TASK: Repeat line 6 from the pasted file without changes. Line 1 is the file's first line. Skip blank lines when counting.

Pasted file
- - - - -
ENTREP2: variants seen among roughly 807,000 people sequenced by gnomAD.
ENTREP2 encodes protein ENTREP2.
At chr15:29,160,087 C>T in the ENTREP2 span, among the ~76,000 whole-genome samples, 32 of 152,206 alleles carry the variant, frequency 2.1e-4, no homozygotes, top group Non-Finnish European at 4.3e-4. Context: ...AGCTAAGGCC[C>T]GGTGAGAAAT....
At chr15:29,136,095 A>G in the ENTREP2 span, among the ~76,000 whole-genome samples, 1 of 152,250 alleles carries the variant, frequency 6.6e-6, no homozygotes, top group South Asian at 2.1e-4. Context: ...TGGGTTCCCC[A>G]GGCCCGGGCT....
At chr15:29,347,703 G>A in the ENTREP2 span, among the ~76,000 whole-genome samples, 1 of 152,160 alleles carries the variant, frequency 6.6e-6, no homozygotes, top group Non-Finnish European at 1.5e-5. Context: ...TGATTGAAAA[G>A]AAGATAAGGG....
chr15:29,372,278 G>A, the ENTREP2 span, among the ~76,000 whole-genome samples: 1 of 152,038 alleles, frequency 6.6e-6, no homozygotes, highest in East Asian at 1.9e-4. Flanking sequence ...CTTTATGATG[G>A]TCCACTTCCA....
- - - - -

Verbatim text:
chr15:29,372,278 G>A, the ENTREP2 span, among the ~76,000 whole-genome samples: 1 of 152,038 alleles, frequency 6.6e-6, no homozygotes, highest in East Asian at 1.9e-4. Flanking sequence ...CTTTATGATG[G>A]TCCACTTCCA....